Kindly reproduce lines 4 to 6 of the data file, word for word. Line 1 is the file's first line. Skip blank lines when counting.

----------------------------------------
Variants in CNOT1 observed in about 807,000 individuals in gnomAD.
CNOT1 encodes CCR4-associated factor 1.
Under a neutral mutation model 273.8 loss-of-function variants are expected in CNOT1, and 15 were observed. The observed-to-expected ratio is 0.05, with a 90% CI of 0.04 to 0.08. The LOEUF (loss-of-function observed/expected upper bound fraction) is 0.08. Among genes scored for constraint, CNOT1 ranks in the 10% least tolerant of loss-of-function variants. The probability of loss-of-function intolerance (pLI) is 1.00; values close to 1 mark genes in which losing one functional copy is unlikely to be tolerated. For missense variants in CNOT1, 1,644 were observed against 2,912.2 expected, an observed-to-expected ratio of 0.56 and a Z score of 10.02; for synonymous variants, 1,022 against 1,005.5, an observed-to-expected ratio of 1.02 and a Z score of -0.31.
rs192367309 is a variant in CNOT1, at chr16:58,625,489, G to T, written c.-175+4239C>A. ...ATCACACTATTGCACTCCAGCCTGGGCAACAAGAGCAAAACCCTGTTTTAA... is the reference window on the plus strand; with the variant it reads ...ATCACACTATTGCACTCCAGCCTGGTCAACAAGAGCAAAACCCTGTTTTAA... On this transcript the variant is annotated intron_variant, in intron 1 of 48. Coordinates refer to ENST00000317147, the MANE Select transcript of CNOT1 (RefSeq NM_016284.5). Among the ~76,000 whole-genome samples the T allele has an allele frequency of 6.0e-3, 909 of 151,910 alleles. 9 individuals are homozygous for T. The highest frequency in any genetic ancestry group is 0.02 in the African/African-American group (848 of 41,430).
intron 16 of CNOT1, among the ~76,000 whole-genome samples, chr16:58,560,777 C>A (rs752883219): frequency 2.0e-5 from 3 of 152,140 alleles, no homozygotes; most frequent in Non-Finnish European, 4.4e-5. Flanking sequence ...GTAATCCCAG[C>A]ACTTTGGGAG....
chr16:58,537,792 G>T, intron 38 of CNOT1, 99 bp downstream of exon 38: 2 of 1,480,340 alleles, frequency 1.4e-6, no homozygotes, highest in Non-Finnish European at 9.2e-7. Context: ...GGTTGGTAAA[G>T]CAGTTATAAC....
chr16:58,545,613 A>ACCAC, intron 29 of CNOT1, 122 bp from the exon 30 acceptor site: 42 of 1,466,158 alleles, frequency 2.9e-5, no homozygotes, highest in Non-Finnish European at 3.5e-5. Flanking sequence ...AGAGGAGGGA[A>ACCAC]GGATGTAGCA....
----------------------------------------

rs192367309 is a variant in CNOT1, at chr16:58,625,489, G to T, written c.-175+4239C>A. ...ATCACACTATTGCACTCCAGCCTGGGCAACAAGAGCAAAACCCTGTTTTAA... is the reference window on the plus strand; with the variant it reads ...ATCACACTATTGCACTCCAGCCTGGTCAACAAGAGCAAAACCCTGTTTTAA... On this transcript the variant is annotated intron_variant, in intron 1 of 48. Coordinates refer to ENST00000317147, the MANE Select transcript of CNOT1 (RefSeq NM_016284.5). Among the ~76,000 whole-genome samples the T allele has an allele frequency of 6.0e-3, 909 of 151,910 alleles. 9 individuals are homozygous for T. The highest frequency in any genetic ancestry group is 0.02 in the African/African-American group (848 of 41,430).
intron 16 of CNOT1, among the ~76,000 whole-genome samples, chr16:58,560,777 C>A (rs752883219): frequency 2.0e-5 from 3 of 152,140 alleles, no homozygotes; most frequent in Non-Finnish European, 4.4e-5. Flanking sequence ...GTAATCCCAG[C>A]ACTTTGGGAG....
chr16:58,537,792 G>T, intron 38 of CNOT1, 99 bp downstream of exon 38: 2 of 1,480,340 alleles, frequency 1.4e-6, no homozygotes, highest in Non-Finnish European at 9.2e-7. Context: ...GGTTGGTAAA[G>T]CAGTTATAAC....